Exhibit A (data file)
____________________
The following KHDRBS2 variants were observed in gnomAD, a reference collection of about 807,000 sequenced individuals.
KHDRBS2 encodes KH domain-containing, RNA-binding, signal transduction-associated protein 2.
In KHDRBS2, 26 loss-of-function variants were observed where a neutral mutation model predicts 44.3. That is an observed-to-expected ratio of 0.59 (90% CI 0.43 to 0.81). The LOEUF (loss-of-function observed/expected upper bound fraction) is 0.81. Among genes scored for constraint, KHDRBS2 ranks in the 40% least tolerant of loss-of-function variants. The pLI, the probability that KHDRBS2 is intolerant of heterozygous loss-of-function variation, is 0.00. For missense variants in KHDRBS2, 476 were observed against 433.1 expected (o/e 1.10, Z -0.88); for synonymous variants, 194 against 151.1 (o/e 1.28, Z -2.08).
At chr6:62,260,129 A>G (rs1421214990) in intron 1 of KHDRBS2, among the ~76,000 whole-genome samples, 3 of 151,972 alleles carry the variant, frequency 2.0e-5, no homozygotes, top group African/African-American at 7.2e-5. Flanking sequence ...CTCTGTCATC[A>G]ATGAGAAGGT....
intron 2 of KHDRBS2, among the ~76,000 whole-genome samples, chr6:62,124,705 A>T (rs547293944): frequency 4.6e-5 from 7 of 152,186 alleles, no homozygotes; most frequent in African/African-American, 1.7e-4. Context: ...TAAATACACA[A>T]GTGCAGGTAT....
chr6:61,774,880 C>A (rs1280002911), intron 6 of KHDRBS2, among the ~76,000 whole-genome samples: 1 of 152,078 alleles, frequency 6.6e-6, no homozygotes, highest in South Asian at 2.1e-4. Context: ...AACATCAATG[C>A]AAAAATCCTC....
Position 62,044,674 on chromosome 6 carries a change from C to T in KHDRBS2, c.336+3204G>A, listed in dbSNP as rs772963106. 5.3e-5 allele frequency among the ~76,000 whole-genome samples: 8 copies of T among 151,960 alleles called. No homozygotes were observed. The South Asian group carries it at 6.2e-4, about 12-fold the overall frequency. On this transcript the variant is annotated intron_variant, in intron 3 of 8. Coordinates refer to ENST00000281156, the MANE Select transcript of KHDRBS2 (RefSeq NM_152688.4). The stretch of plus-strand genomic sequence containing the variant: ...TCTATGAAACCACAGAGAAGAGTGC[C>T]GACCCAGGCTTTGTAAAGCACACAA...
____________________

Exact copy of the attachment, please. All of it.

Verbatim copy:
The following KHDRBS2 variants were observed in gnomAD, a reference collection of about 807,000 sequenced individuals.
KHDRBS2 encodes KH domain-containing, RNA-binding, signal transduction-associated protein 2.
In KHDRBS2, 26 loss-of-function variants were observed where a neutral mutation model predicts 44.3. That is an observed-to-expected ratio of 0.59 (90% CI 0.43 to 0.81). The LOEUF (loss-of-function observed/expected upper bound fraction) is 0.81. Among genes scored for constraint, KHDRBS2 ranks in the 40% least tolerant of loss-of-function variants. The pLI, the probability that KHDRBS2 is intolerant of heterozygous loss-of-function variation, is 0.00. For missense variants in KHDRBS2, 476 were observed against 433.1 expected (o/e 1.10, Z -0.88); for synonymous variants, 194 against 151.1 (o/e 1.28, Z -2.08).
At chr6:62,260,129 A>G (rs1421214990) in intron 1 of KHDRBS2, among the ~76,000 whole-genome samples, 3 of 151,972 alleles carry the variant, frequency 2.0e-5, no homozygotes, top group African/African-American at 7.2e-5. Flanking sequence ...CTCTGTCATC[A>G]ATGAGAAGGT....
intron 2 of KHDRBS2, among the ~76,000 whole-genome samples, chr6:62,124,705 A>T (rs547293944): frequency 4.6e-5 from 7 of 152,186 alleles, no homozygotes; most frequent in African/African-American, 1.7e-4. Context: ...TAAATACACA[A>T]GTGCAGGTAT....
chr6:61,774,880 C>A (rs1280002911), intron 6 of KHDRBS2, among the ~76,000 whole-genome samples: 1 of 152,078 alleles, frequency 6.6e-6, no homozygotes, highest in South Asian at 2.1e-4. Context: ...AACATCAATG[C>A]AAAAATCCTC....
Position 62,044,674 on chromosome 6 carries a change from C to T in KHDRBS2, c.336+3204G>A, listed in dbSNP as rs772963106. 5.3e-5 allele frequency among the ~76,000 whole-genome samples: 8 copies of T among 151,960 alleles called. No homozygotes were observed. The South Asian group carries it at 6.2e-4, about 12-fold the overall frequency. On this transcript the variant is annotated intron_variant, in intron 3 of 8. Coordinates refer to ENST00000281156, the MANE Select transcript of KHDRBS2 (RefSeq NM_152688.4). The stretch of plus-strand genomic sequence containing the variant: ...TCTATGAAACCACAGAGAAGAGTGC[C>T]GACCCAGGCTTTGTAAAGCACACAA...